Possession of Marijuana Law and Procedure for Fairfax County, Virginia

The prosecution of simple cases of possession of marijuana in Fairfax County is different than the prosecution of these cases in other Virginia jurisdictions.

The newly elected Fairfax County prosecutor declared on January 2, 2020, that his team is expected to non-prosecute charges of marijuana possession in General District Court for Fairfax County. The determination of which cases will be afforded such leniency will depend on a case-by-case analysis of possession of marijuana cases where an adult is charged for personal use in a private place. This leniency will not extend to possession with intent to distribute marijuana, it will not extend to juvenile cases, and it will not extend to smoking marijuana in public places.

Under Virginia law, marijuana possession remains unlawful. On average, Fairfax County police charge over 2,600 marijuana possession cases each year.

Moreover, according to the police department, the new Fairfax County soft prosecution policy will not change how Fairfax Police officers enforce Virginia’s marijuana possession laws. Thus, people within Fairfax County will still be charged for Possession of Marijuana by Fairfax County Police, will be summoned to court, and will still need to go to court. There, county attorneys will determine whether you will be prosecuted or not.

Dismissal or non-prosecution of criminal charges in court is not guaranteed, even if the prosecutor asks for it. Fairfax County judges have voiced their concerns with this policy and may stand in the way of non-prosecution and dismissal.

Fairfax County is not the first jurisdiction to attempt to alleviate the marijuana possession burden on defendants. Greg Underwood, a prosecutor in a Virginia city about 200 miles southeast of Fairfax, attempted to dismiss all of the marijuana charges pending before the Circuit Court. Norfolk judges did not consistently honor his motions for dismissal, so Underwood took his case to the Supreme Court of Virginia. In the case facts presented to the Supreme Court, Underwood told a Circuit Court judge that he was “entitled” to dismiss a marijuana charge. The Supreme Court disagreed, saying that Virginia judges have “no duty” to dismiss a case just because a prosecutor asks for a dismissal. Virginia judges, thus, continue to maintain discretion over marijuana cases. Another Virginia, prosecutor was similarly engaging in dismissal of marijuana cases throughout 2019, though she has recently run into some opposition from the local judges.

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This article is written by Virginia drug defense attorney Marina Medvin, an award-winning criminal lawyer serving Alexandria, Fairfax, and Arlington, VA. She successfully represents individuals charged with drug and marijuana crimes in Alexandria, Arlington, Fairfax, Vienna and Falls Church. Please call for a Virginia drug attorney consultation.

Press Release:



FAIRFAX COUNTY, VA — Commonwealth’s Attorney Steve Descano announced that he has directed his office to no longer prosecute adults for the simple possession of marijuana, effective immediately.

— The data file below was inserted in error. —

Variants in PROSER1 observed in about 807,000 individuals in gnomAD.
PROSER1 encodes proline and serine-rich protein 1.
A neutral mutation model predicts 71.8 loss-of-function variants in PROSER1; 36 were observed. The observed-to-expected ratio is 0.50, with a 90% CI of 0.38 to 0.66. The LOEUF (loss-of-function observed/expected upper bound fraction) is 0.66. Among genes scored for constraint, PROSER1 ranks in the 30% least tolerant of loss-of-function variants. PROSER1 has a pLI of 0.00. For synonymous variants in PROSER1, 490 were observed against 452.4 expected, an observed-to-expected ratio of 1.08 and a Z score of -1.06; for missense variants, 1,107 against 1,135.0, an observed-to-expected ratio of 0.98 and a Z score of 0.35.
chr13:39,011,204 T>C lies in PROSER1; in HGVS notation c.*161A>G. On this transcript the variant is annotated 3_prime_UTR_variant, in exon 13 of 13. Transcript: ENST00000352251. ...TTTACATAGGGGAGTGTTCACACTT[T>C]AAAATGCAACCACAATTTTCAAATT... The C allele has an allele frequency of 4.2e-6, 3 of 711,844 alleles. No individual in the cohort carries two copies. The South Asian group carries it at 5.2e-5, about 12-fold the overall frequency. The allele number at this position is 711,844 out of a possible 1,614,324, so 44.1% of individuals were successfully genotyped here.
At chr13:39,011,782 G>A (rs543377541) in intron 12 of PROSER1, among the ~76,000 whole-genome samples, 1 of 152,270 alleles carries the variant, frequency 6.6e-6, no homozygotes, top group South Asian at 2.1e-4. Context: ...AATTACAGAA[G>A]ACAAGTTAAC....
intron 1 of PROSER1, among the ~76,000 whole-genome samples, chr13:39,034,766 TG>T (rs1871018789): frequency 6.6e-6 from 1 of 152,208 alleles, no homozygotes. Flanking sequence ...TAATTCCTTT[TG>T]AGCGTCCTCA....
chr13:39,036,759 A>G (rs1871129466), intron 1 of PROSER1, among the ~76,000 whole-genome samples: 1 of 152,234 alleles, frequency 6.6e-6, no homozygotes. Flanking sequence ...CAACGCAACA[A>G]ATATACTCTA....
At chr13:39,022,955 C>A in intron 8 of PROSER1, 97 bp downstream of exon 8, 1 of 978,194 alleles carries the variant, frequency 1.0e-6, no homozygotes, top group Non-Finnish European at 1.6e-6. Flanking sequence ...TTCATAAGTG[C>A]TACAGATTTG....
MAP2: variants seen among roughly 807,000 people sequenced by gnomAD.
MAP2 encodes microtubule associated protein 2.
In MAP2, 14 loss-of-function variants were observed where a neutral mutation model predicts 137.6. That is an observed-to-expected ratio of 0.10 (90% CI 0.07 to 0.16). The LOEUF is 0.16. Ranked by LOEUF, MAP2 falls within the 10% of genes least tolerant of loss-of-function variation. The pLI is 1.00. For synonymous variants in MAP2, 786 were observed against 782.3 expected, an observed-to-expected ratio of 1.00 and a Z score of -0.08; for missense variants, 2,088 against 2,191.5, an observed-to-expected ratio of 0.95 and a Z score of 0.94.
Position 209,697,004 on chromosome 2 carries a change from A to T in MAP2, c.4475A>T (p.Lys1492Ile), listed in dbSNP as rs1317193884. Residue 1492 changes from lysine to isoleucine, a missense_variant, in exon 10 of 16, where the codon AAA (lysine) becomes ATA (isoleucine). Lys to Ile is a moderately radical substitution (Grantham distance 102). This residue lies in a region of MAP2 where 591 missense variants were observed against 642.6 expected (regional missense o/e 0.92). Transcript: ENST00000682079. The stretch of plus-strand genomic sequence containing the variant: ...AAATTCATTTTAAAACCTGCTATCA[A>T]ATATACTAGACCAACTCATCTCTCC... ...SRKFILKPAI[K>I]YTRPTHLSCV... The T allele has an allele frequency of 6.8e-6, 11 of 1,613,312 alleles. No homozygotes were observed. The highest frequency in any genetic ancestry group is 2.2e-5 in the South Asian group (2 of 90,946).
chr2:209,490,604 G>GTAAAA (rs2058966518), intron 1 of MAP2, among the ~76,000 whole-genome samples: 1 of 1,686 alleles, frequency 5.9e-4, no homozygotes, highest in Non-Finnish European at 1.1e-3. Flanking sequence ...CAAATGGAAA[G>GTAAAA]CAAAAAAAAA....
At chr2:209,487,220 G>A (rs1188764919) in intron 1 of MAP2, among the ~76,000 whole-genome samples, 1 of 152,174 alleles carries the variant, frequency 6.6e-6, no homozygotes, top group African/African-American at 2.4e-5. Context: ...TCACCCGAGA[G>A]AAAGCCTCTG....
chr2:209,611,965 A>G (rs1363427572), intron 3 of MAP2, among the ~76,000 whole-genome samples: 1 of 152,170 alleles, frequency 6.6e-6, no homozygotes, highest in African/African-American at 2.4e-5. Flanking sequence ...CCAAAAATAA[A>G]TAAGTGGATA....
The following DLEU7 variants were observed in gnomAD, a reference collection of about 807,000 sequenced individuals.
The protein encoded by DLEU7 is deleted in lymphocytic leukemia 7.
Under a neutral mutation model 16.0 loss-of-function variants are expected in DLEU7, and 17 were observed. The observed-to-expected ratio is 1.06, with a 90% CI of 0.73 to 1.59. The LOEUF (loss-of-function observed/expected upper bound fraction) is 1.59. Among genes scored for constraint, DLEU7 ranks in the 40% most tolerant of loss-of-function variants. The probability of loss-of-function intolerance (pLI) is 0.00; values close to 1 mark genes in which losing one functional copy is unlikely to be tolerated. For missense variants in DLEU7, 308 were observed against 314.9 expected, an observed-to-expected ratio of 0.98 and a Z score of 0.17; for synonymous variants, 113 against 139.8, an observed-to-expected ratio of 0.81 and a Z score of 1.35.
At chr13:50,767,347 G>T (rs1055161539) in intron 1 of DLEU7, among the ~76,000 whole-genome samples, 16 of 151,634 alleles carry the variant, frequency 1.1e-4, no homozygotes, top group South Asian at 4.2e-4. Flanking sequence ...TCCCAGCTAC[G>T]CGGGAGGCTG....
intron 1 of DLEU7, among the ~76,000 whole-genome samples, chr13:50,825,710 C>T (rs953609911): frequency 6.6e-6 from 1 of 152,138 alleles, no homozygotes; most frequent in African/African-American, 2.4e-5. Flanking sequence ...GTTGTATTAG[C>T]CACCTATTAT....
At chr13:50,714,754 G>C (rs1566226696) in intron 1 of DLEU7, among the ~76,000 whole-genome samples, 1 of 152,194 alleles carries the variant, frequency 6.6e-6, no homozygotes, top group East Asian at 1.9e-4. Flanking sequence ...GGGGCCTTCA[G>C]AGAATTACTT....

“As Fairfax County’s Commonwealth’s Attorney, I’m committed to a safe and just Fairfax County. That means dedicating the resources of our criminal justice system to diligently providing fair and equal treatment under the law to all of our citizenry while prioritizing the safety of our entire community. Fulfilling that mission requires proactively identifying matters that make Fairfax less safe and considering the downstream effects of every action this Office takes. That’s why, after careful and deliberate consideration, I’ve directed my office to no longer prosecute adults for the simple possession of marijuana, effective immediately,” Descano said.

“Simple possession” of marijuana refers to possession of marijuana for personal use. It does not include possession with the intent to distribute, nor does it include conspicuous public use of marijuana.

Prosecutors will make a case-by-case determination regarding whether the facts of a case qualify as “simple possession.” Prosecutors will look at the totality of the circumstances in making this determination. The prosecutor will take into consideration all the relevant factors of a case including, but not limited to, the amount of marijuana present, the packaging and division of marijuana, and any accompanying drug or drug- sale paraphernalia.

Descano continued, “I did not come to this decision lightly. This deliberate policy shift is a result of significant meetings, research, and thoughtful considerations. It’s based on a thorough look at our criminal justice system, downstream consequences, and most importantly our community.”

“I dedicated myself to the pursuit of justice as a lawyer which means I dedicated myself to this very type of reform. When I raised my hand and took the oath of office I also dedicated myself to serve our community by providing justice for all to the best of my ability. Therefore, consistent with a prosecutor’s duty to seek justice and my dedication to our community, I have directed my office to dismiss prosecutions of adults for simplepossession of marijuana.”



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